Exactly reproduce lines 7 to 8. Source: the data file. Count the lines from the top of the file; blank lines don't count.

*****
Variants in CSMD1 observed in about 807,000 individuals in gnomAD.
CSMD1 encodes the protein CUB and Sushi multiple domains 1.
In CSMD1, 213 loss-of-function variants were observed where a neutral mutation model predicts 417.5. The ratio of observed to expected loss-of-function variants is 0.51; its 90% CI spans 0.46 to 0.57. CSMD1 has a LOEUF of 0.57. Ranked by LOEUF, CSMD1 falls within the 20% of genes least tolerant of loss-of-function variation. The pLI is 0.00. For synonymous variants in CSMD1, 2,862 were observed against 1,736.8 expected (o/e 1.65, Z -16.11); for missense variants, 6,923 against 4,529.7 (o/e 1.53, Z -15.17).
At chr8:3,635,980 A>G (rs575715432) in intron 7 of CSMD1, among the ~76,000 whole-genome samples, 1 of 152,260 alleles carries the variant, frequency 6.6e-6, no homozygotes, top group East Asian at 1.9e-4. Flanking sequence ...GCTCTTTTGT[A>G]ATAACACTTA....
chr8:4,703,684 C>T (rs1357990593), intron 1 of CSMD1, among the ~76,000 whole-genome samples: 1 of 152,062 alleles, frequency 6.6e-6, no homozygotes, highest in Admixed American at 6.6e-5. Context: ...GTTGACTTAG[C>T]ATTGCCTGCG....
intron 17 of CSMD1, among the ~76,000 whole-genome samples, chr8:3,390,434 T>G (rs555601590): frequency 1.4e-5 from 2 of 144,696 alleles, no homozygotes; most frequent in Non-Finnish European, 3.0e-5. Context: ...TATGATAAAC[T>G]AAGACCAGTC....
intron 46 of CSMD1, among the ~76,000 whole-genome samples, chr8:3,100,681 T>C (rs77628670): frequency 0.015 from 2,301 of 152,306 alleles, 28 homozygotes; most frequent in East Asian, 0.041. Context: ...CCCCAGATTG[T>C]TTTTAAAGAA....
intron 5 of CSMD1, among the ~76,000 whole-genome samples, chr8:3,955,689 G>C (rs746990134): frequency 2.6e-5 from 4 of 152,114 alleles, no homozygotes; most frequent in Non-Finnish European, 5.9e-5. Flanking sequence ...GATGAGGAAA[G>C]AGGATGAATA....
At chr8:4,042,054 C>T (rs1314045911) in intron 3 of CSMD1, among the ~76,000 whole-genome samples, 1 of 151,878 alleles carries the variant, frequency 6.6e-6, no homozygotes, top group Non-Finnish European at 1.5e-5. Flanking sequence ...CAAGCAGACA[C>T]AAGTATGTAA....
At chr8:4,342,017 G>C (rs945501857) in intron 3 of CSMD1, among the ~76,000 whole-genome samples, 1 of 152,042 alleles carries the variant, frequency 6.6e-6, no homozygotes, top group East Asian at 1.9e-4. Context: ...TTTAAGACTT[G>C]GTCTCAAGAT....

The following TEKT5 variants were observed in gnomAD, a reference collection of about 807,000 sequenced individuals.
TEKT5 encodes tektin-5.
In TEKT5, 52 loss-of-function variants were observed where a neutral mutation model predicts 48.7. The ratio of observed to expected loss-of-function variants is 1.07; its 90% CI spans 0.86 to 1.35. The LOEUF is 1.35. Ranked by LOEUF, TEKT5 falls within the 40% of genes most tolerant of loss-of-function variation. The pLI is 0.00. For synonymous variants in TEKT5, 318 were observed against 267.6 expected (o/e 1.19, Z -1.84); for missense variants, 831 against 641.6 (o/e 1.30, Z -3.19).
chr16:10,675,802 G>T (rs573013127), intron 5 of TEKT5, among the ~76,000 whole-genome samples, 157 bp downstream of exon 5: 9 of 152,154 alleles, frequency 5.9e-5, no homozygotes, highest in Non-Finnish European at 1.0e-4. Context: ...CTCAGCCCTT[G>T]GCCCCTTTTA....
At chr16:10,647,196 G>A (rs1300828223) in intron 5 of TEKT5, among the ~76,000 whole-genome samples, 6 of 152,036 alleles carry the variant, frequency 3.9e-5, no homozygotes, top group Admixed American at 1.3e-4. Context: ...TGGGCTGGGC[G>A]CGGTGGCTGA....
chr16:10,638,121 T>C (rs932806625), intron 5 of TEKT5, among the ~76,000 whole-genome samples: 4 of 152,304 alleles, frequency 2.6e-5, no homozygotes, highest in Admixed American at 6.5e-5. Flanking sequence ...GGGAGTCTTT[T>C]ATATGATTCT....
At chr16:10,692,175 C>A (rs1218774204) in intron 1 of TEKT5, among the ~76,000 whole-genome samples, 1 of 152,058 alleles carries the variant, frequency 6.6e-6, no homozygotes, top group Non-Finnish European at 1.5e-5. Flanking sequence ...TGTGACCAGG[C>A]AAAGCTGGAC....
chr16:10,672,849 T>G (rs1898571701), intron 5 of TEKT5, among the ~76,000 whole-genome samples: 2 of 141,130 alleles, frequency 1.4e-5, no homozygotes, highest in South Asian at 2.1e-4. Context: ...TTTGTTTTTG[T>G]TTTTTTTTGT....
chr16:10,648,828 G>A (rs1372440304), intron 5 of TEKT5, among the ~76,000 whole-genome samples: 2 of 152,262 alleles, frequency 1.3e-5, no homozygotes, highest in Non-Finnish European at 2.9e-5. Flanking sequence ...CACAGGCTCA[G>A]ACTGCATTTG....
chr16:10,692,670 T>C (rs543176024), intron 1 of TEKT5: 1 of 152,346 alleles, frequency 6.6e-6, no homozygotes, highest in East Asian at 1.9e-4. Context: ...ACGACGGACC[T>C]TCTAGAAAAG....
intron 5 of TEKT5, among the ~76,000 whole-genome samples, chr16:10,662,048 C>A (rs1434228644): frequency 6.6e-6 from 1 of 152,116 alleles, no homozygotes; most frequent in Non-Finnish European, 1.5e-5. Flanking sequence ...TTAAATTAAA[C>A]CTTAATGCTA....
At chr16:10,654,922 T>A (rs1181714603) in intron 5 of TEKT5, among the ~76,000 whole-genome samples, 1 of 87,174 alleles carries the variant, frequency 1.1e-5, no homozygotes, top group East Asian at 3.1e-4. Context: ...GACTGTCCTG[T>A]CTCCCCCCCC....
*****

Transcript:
intron 46 of CSMD1, among the ~76,000 whole-genome samples, chr8:3,100,681 T>C (rs77628670): frequency 0.015 from 2,301 of 152,306 alleles, 28 homozygotes; most frequent in East Asian, 0.041. Context: ...CCCCAGATTG[T>C]TTTTAAAGAA....
intron 5 of CSMD1, among the ~76,000 whole-genome samples, chr8:3,955,689 G>C (rs746990134): frequency 2.6e-5 from 4 of 152,114 alleles, no homozygotes; most frequent in Non-Finnish European, 5.9e-5. Flanking sequence ...GATGAGGAAA[G>C]AGGATGAATA....